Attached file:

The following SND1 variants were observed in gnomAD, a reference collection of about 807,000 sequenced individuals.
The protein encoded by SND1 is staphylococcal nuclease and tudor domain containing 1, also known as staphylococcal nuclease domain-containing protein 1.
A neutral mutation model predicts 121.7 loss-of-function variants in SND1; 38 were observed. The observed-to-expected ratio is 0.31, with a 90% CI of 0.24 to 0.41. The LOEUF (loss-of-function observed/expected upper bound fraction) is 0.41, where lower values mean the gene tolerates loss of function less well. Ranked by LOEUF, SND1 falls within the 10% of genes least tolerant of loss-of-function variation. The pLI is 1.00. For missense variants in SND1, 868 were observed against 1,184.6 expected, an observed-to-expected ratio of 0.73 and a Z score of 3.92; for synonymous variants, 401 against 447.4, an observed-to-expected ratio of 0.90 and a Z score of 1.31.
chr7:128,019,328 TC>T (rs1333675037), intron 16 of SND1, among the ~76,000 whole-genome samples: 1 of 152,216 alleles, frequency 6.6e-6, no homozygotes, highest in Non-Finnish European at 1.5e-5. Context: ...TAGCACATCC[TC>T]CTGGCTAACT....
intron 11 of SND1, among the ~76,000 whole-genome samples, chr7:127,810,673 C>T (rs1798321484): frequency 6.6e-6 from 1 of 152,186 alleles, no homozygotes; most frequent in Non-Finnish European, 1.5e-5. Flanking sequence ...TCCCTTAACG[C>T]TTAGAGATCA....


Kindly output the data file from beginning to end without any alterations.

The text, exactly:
The following SND1 variants were observed in gnomAD, a reference collection of about 807,000 sequenced individuals.
The protein encoded by SND1 is staphylococcal nuclease and tudor domain containing 1, also known as staphylococcal nuclease domain-containing protein 1.
A neutral mutation model predicts 121.7 loss-of-function variants in SND1; 38 were observed. The observed-to-expected ratio is 0.31, with a 90% CI of 0.24 to 0.41. The LOEUF (loss-of-function observed/expected upper bound fraction) is 0.41, where lower values mean the gene tolerates loss of function less well. Ranked by LOEUF, SND1 falls within the 10% of genes least tolerant of loss-of-function variation. The pLI is 1.00. For missense variants in SND1, 868 were observed against 1,184.6 expected, an observed-to-expected ratio of 0.73 and a Z score of 3.92; for synonymous variants, 401 against 447.4, an observed-to-expected ratio of 0.90 and a Z score of 1.31.
chr7:128,019,328 TC>T (rs1333675037), intron 16 of SND1, among the ~76,000 whole-genome samples: 1 of 152,216 alleles, frequency 6.6e-6, no homozygotes, highest in Non-Finnish European at 1.5e-5. Context: ...TAGCACATCC[TC>T]CTGGCTAACT....
intron 11 of SND1, among the ~76,000 whole-genome samples, chr7:127,810,673 C>T (rs1798321484): frequency 6.6e-6 from 1 of 152,186 alleles, no homozygotes; most frequent in Non-Finnish European, 1.5e-5. Flanking sequence ...TCCCTTAACG[C>T]TTAGAGATCA....